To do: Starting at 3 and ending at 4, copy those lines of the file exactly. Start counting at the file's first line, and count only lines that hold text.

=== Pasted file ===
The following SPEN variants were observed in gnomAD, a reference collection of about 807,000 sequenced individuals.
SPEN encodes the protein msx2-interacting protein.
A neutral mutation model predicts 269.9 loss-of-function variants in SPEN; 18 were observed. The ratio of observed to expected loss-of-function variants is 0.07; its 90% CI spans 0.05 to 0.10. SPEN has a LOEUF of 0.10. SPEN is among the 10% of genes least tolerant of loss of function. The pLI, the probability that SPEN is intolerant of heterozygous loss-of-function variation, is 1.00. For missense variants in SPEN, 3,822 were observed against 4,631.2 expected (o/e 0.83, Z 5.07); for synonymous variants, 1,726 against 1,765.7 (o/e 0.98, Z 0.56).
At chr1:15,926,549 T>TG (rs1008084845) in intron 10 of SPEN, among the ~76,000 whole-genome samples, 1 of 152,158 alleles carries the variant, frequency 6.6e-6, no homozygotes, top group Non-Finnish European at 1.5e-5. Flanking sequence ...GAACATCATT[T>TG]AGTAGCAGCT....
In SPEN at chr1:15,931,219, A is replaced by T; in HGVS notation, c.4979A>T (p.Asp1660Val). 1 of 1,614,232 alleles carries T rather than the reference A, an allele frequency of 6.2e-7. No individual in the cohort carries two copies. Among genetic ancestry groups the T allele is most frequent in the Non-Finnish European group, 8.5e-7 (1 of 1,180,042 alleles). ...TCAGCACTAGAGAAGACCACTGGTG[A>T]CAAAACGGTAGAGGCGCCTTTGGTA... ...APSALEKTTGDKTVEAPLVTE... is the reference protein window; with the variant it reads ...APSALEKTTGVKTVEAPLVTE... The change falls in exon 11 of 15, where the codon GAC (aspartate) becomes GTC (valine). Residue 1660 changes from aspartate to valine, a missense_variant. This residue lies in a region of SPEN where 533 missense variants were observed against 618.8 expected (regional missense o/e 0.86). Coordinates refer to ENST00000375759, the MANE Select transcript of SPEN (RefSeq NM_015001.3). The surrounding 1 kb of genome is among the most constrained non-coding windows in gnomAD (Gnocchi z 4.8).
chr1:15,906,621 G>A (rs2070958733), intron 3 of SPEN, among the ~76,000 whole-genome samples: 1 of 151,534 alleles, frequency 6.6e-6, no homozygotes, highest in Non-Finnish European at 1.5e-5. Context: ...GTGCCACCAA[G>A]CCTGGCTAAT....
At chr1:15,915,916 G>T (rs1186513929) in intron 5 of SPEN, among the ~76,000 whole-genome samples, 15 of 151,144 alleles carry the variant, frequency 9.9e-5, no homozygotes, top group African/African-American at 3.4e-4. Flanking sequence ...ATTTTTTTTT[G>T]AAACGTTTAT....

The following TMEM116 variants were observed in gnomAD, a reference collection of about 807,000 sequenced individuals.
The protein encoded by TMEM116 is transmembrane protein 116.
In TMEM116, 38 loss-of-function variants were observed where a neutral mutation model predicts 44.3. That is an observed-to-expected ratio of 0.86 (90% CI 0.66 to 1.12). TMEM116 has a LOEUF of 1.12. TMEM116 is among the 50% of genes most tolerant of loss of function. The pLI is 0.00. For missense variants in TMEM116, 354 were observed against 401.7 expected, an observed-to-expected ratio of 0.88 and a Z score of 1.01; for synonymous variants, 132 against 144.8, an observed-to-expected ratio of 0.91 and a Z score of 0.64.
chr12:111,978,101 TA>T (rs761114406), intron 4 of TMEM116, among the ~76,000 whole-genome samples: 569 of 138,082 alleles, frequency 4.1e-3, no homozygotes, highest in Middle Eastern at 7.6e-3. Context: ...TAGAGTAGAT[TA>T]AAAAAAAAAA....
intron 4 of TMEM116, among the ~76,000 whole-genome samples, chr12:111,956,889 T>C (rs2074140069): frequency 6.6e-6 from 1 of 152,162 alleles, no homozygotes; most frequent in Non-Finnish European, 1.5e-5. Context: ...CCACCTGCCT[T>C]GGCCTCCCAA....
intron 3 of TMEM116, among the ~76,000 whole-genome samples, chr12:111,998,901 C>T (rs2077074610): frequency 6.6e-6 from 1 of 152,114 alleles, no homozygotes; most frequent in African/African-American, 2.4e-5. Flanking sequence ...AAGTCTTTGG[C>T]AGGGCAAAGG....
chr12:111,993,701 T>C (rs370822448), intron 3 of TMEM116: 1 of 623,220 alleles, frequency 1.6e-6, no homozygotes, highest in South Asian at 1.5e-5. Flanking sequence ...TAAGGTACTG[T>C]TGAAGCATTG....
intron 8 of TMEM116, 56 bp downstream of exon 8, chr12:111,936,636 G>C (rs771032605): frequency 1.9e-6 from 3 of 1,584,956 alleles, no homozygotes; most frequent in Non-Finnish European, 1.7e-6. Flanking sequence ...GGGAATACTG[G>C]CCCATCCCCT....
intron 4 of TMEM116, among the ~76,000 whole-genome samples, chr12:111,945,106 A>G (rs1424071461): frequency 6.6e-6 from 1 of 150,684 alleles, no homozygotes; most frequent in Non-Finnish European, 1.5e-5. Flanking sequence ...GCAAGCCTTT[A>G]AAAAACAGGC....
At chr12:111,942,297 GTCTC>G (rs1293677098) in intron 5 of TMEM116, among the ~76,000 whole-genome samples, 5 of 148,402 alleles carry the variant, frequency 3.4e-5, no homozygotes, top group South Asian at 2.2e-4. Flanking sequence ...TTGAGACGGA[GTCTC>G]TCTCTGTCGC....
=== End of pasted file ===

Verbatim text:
A neutral mutation model predicts 269.9 loss-of-function variants in SPEN; 18 were observed. The ratio of observed to expected loss-of-function variants is 0.07; its 90% CI spans 0.05 to 0.10. SPEN has a LOEUF of 0.10. SPEN is among the 10% of genes least tolerant of loss of function. The pLI, the probability that SPEN is intolerant of heterozygous loss-of-function variation, is 1.00. For missense variants in SPEN, 3,822 were observed against 4,631.2 expected (o/e 0.83, Z 5.07); for synonymous variants, 1,726 against 1,765.7 (o/e 0.98, Z 0.56).
At chr1:15,926,549 T>TG (rs1008084845) in intron 10 of SPEN, among the ~76,000 whole-genome samples, 1 of 152,158 alleles carries the variant, frequency 6.6e-6, no homozygotes, top group Non-Finnish European at 1.5e-5. Flanking sequence ...GAACATCATT[T>TG]AGTAGCAGCT....